Furthermore, paragraph [0031] of the patent in suit contained exact instructions for the skilled person in the form of design variants and corresponding numerical ranges for implementing a "proximate" positioning of the first and the second injector.

Inventive step

Since the entire argumentation of the appellant was based on the wrong assumption that it was physically impossible to establish the two flow regimes referred to in claim 1 in one and the same vessel, the appellant's argumentation under inventive step had no basis.

Reasons for the Decision

Main request

Clarity of the amendment "where the broth is rising" in claims 7 and 9

1. In accordance with G 9/91 (OJ EPO 1993, 408, point 19), amendments made to a patent during opposition proceedings are to be examined in accordance with Article 102(3) EPC as to their conformity with the requirements of the EPC. Whereas Article 102(3) EPC does not provide for objections to be based upon Article 84 EPC if they do not arise out of the amendments made to the patent during opposition proceedings, Article 102(3) EPC requires such amendments to be examined to ascertain whether the EPC, including Article 84 EPC, is contravened as a result (see e.g. T 301/87, OJ EPO 1990, 335, point 3.8). Furthermore, Article 102(3) EPC confers such jurisdiction upon the opposition division as well as the boards of appeal (T 472/88 of 10 October 1990), so that both instances have the power to deal with grounds and issues arising from those amendments, irrespective of whether or not they were specifically raised by an opponent (e.g. T 227/88, OJ EPO 1990, 292 and T 922/94 of 30 October 1997).

2. The feature "where the broth is rising" present in feature (c) of claims 1, 7 and 9 of the main request was introduced by the respondent during opposition proceedings into the wording of method claims 1 and apparatus claim 7 as granted (which is identical to the second auxiliary request before the opposition division). Claims 7 and 9 of the main request before the board result from an additional combination of such amended claim 7 with the subject-matter of granted claims 9 and 11.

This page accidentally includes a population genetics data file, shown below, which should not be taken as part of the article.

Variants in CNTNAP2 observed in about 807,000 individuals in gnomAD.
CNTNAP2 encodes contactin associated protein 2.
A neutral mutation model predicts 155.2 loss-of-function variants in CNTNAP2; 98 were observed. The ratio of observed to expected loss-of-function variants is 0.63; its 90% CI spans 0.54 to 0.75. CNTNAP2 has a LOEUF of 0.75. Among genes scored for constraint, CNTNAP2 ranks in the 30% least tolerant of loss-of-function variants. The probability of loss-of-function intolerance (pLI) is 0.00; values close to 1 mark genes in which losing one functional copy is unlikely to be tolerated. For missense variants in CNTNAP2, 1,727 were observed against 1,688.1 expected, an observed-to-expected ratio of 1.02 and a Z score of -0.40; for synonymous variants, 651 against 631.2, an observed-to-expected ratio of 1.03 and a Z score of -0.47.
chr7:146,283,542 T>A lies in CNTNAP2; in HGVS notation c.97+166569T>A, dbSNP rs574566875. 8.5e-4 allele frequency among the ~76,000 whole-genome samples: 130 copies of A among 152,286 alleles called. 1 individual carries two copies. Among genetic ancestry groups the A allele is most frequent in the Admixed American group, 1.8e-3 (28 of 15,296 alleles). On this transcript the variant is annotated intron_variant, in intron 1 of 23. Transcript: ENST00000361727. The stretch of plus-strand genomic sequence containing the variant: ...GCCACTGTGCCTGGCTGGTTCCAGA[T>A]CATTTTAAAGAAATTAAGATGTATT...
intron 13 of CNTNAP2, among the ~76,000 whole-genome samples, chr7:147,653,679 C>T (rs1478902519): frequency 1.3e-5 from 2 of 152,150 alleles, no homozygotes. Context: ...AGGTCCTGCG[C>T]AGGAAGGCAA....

3. It is established case law of the boards of appeal that product claims, including claims for an apparatus, in addition to the structural features defining their subject-matter, may include functional indications defining the suitability of the structural features in relation to a defined process or purpose, thereby possibly restricting the subject-matter claimed. A claim containing such functional indications must however comply with the requirements of Article 84 EPC, i.e. that a claim shall define the matter for which protection is sought and shall inter alia be clear.

4. The subject-matter of claims 7 and 9 of the main request are apparatuses for carrying out fermentation which comprise (a) a fermentation vessel, the interior of which two injectors communicate with. Feature (b) defines the first injector as being "for injecting a first oxygen-containing gas into the fermenter vessel for passage through said fermenter vessel in a heterogeneous flow ... having a nonuniform distribution of gas bubbles" and feature (c) similarly defines the second injector "for injecting a second oxygen-containing gas ... into the fermenter vessel ... for vertical passage longitudinally through said fermenter vessel in a homogeneous flow having a uniform gas bubble distribution". Feature (d) defines inter alia that the position of the two injectors relative to each other must be "proximate".

4.1 It needs to be established whether, in the context of claims 7 and 9 of the main request, the newly introduced feature "where the broth is rising" complements the definition of the claimed subject-matter in clear terms, thereby not shedding doubts as to the matter for which protection is sought.

4.2 In contrast to the wording of method claim 1, which qualifies the heterogeneous flow referred to in method feature (b) as "causing an upward flow of said broth", feature (b) in claims 7 and 9 of the main request (as well as claim 7 as granted), defines the first injector devoid of this qualification. Indeed, the subject-matter of apparatus claims 7 and 9, similarly to claim 7 as granted and apart from the newly introduced feature, is defined independently of the broth that would be contained in the apparatus, if and when the fermentation referred to by the feature "for carrying out fermentation" were to be carried out.